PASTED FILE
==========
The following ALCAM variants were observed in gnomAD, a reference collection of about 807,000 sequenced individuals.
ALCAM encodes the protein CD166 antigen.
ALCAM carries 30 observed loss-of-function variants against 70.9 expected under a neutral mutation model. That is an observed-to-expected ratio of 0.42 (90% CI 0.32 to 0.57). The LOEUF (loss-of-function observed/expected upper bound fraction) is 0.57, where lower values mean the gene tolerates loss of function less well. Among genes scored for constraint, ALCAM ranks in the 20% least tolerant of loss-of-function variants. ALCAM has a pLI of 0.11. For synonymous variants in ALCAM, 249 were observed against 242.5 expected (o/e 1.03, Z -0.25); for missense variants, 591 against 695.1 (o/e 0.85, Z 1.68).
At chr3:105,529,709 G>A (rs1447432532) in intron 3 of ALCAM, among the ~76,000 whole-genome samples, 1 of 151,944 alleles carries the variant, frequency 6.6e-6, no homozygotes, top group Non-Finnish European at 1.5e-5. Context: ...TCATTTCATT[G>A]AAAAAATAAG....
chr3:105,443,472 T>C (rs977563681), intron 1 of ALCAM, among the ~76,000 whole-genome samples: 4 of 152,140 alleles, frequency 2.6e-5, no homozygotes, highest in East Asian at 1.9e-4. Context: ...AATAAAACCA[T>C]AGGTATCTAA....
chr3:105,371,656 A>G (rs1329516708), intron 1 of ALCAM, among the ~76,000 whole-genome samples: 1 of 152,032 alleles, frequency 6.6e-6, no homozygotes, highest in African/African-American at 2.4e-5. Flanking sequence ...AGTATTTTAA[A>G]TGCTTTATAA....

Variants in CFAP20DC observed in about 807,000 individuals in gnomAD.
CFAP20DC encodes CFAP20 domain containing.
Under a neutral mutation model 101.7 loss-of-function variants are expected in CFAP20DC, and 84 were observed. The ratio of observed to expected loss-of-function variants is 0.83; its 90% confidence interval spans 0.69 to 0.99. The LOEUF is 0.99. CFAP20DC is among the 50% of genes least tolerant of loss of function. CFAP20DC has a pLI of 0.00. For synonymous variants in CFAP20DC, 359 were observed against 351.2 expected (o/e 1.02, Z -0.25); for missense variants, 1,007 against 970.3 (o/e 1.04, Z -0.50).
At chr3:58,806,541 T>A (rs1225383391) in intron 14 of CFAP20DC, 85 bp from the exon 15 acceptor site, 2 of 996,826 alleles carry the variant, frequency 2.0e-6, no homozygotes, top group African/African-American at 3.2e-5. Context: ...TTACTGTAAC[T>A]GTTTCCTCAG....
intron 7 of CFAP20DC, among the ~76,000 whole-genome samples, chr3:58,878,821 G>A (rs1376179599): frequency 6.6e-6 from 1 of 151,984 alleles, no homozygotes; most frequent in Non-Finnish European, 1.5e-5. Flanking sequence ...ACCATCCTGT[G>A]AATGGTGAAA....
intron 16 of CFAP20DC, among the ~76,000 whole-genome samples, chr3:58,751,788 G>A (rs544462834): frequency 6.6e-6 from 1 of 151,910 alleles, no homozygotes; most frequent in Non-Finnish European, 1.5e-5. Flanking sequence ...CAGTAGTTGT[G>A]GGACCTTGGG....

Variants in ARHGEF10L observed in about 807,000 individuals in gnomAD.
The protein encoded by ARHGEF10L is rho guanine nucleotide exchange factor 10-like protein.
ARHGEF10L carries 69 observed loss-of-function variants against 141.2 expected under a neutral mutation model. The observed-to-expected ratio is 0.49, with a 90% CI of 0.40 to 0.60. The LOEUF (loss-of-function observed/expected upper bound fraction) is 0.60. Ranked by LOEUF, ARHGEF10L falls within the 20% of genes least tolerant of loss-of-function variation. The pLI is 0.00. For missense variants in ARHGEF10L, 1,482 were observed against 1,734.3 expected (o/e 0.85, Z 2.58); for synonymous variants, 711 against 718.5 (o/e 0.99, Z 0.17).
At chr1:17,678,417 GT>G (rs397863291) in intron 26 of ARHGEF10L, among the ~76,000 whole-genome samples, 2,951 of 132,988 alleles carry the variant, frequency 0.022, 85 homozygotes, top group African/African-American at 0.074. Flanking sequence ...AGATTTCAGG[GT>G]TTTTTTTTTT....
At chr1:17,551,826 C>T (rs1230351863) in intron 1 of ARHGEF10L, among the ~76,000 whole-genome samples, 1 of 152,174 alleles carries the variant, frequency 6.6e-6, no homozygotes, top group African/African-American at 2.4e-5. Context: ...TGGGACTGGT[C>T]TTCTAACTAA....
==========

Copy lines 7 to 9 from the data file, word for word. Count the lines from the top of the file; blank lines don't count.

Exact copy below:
Variants in CFAP20DC observed in about 807,000 individuals in gnomAD.
CFAP20DC encodes CFAP20 domain containing.
Under a neutral mutation model 101.7 loss-of-function variants are expected in CFAP20DC, and 84 were observed. The ratio of observed to expected loss-of-function variants is 0.83; its 90% confidence interval spans 0.69 to 0.99. The LOEUF is 0.99. CFAP20DC is among the 50% of genes least tolerant of loss of function. CFAP20DC has a pLI of 0.00. For synonymous variants in CFAP20DC, 359 were observed against 351.2 expected (o/e 1.02, Z -0.25); for missense variants, 1,007 against 970.3 (o/e 1.04, Z -0.50).